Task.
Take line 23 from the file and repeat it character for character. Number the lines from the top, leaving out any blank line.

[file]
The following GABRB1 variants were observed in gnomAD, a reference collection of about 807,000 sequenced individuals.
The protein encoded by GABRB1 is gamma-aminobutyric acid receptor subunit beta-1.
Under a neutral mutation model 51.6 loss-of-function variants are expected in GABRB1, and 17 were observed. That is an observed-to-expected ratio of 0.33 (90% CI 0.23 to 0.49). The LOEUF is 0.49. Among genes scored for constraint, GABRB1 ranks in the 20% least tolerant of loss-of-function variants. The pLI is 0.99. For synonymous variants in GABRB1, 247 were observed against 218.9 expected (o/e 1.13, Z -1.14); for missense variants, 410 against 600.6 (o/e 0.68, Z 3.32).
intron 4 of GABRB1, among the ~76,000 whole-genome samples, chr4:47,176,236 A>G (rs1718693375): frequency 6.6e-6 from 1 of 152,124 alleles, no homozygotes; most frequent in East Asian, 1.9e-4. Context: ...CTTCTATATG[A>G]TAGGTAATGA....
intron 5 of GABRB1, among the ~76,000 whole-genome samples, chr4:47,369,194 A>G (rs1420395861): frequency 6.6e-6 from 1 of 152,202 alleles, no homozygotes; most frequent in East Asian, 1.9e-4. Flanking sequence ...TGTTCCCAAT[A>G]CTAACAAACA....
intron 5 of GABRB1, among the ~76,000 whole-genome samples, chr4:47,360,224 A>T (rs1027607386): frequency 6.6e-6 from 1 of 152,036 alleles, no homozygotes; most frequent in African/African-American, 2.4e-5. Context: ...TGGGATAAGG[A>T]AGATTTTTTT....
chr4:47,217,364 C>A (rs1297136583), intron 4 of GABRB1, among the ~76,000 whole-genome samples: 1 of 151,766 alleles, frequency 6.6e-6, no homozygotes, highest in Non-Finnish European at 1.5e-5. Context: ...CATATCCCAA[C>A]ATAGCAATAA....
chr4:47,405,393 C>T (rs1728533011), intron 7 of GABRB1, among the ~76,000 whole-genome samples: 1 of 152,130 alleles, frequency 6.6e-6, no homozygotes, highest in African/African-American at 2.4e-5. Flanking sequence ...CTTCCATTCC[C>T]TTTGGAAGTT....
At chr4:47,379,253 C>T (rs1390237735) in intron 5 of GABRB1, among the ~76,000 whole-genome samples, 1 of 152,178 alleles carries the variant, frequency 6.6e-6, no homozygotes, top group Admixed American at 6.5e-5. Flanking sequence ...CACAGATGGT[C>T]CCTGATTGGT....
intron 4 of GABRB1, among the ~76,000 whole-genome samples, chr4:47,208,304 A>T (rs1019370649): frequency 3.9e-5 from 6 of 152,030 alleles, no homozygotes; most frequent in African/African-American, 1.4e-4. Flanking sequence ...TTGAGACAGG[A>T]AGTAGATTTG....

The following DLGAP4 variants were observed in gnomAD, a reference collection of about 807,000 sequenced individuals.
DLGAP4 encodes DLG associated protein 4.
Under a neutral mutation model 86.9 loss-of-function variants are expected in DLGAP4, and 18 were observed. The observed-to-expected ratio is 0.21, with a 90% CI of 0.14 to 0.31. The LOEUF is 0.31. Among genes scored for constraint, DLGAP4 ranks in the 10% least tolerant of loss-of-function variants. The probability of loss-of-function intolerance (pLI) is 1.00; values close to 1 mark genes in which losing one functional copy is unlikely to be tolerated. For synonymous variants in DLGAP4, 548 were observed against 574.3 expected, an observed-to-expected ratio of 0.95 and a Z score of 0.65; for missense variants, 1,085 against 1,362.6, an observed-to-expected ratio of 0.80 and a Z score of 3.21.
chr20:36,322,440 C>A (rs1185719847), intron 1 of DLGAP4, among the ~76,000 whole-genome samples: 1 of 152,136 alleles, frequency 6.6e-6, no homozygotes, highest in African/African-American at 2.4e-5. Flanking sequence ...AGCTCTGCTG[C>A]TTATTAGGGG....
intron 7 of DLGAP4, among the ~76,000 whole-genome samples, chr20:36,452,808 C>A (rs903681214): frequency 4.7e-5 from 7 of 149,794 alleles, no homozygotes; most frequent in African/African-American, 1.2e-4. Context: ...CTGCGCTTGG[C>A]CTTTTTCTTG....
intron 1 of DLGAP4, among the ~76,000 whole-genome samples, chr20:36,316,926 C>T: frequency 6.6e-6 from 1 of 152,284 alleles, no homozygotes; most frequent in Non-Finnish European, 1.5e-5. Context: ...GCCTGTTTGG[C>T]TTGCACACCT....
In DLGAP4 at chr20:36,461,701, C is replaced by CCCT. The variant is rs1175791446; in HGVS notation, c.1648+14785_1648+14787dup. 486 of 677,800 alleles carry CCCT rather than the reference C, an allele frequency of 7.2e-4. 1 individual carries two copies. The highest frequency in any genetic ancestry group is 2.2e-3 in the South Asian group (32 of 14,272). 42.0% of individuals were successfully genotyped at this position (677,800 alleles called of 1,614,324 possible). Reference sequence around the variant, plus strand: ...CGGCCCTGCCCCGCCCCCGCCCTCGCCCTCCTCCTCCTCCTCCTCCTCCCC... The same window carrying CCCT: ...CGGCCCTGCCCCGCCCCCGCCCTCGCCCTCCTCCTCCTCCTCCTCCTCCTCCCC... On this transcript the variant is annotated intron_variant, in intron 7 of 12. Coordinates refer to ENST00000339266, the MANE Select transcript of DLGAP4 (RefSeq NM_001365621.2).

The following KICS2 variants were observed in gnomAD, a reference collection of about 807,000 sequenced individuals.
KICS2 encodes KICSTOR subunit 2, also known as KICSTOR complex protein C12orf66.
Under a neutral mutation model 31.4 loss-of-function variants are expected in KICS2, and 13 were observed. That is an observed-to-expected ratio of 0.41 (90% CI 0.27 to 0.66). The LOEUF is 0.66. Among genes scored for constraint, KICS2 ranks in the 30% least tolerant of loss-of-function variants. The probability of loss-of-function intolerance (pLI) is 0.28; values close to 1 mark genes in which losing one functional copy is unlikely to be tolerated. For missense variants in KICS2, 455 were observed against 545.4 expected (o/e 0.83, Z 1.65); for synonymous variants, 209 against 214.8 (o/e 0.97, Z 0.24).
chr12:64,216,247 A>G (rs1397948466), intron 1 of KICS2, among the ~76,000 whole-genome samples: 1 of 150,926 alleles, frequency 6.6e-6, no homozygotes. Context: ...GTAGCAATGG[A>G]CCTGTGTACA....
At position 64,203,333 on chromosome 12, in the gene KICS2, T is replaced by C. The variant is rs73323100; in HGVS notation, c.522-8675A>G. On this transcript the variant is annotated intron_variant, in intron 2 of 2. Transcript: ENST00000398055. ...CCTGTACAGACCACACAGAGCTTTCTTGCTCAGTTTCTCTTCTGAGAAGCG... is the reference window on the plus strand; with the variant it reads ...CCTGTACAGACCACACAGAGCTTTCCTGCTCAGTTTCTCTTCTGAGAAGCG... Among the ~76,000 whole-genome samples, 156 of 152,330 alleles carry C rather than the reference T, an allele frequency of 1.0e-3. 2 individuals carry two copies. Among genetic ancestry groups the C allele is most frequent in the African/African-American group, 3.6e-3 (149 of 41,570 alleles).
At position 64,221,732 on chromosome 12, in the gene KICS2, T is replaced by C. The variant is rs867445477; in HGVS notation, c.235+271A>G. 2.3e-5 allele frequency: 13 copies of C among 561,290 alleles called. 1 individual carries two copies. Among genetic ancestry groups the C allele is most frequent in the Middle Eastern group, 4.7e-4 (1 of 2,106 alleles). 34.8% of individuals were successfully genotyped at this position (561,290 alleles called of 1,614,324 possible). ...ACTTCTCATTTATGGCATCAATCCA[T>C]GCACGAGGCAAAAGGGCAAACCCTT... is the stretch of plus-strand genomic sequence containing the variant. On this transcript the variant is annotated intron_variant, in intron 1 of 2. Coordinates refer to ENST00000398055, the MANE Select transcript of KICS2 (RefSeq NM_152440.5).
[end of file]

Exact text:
At position 64,221,732 on chromosome 12, in the gene KICS2, T is replaced by C. The variant is rs867445477; in HGVS notation, c.235+271A>G. 2.3e-5 allele frequency: 13 copies of C among 561,290 alleles called. 1 individual carries two copies. Among genetic ancestry groups the C allele is most frequent in the Middle Eastern group, 4.7e-4 (1 of 2,106 alleles). 34.8% of individuals were successfully genotyped at this position (561,290 alleles called of 1,614,324 possible). ...ACTTCTCATTTATGGCATCAATCCA[T>C]GCACGAGGCAAAAGGGCAAACCCTT... is the stretch of plus-strand genomic sequence containing the variant. On this transcript the variant is annotated intron_variant, in intron 1 of 2. Coordinates refer to ENST00000398055, the MANE Select transcript of KICS2 (RefSeq NM_152440.5).